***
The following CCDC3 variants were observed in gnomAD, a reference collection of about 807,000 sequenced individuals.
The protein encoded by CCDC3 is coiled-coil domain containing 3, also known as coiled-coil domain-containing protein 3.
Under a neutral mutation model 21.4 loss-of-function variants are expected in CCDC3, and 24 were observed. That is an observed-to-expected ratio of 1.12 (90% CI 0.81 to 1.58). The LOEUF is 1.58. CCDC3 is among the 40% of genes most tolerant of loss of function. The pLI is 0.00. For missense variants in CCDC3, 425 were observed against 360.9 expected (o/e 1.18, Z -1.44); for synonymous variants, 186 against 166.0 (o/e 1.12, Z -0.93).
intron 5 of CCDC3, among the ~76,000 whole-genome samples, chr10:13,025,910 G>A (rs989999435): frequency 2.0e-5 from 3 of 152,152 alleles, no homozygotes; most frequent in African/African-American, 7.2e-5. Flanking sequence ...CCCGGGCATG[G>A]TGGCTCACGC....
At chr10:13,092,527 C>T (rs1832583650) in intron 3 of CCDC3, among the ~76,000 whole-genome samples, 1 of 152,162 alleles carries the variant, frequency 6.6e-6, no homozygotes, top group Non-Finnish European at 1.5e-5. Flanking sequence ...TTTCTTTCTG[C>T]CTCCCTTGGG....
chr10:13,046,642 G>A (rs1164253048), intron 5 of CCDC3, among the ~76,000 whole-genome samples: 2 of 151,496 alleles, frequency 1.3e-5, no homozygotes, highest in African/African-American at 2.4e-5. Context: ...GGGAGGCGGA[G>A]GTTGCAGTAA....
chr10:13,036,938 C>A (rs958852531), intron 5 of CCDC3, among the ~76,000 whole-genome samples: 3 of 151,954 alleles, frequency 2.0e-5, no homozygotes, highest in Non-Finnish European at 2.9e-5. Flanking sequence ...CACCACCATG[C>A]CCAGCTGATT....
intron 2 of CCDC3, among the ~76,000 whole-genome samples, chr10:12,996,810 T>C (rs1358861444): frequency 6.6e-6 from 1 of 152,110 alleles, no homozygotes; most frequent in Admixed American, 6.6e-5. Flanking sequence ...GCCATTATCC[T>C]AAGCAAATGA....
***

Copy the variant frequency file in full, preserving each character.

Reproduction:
The following CCDC3 variants were observed in gnomAD, a reference collection of about 807,000 sequenced individuals.
The protein encoded by CCDC3 is coiled-coil domain containing 3, also known as coiled-coil domain-containing protein 3.
Under a neutral mutation model 21.4 loss-of-function variants are expected in CCDC3, and 24 were observed. That is an observed-to-expected ratio of 1.12 (90% CI 0.81 to 1.58). The LOEUF is 1.58. CCDC3 is among the 40% of genes most tolerant of loss of function. The pLI is 0.00. For missense variants in CCDC3, 425 were observed against 360.9 expected (o/e 1.18, Z -1.44); for synonymous variants, 186 against 166.0 (o/e 1.12, Z -0.93).
intron 5 of CCDC3, among the ~76,000 whole-genome samples, chr10:13,025,910 G>A (rs989999435): frequency 2.0e-5 from 3 of 152,152 alleles, no homozygotes; most frequent in African/African-American, 7.2e-5. Flanking sequence ...CCCGGGCATG[G>A]TGGCTCACGC....
At chr10:13,092,527 C>T (rs1832583650) in intron 3 of CCDC3, among the ~76,000 whole-genome samples, 1 of 152,162 alleles carries the variant, frequency 6.6e-6, no homozygotes, top group Non-Finnish European at 1.5e-5. Flanking sequence ...TTTCTTTCTG[C>T]CTCCCTTGGG....
chr10:13,046,642 G>A (rs1164253048), intron 5 of CCDC3, among the ~76,000 whole-genome samples: 2 of 151,496 alleles, frequency 1.3e-5, no homozygotes, highest in African/African-American at 2.4e-5. Context: ...GGGAGGCGGA[G>A]GTTGCAGTAA....
chr10:13,036,938 C>A (rs958852531), intron 5 of CCDC3, among the ~76,000 whole-genome samples: 3 of 151,954 alleles, frequency 2.0e-5, no homozygotes, highest in Non-Finnish European at 2.9e-5. Flanking sequence ...CACCACCATG[C>A]CCAGCTGATT....
intron 2 of CCDC3, among the ~76,000 whole-genome samples, chr10:12,996,810 T>C (rs1358861444): frequency 6.6e-6 from 1 of 152,110 alleles, no homozygotes; most frequent in Admixed American, 6.6e-5. Flanking sequence ...GCCATTATCC[T>C]AAGCAAATGA....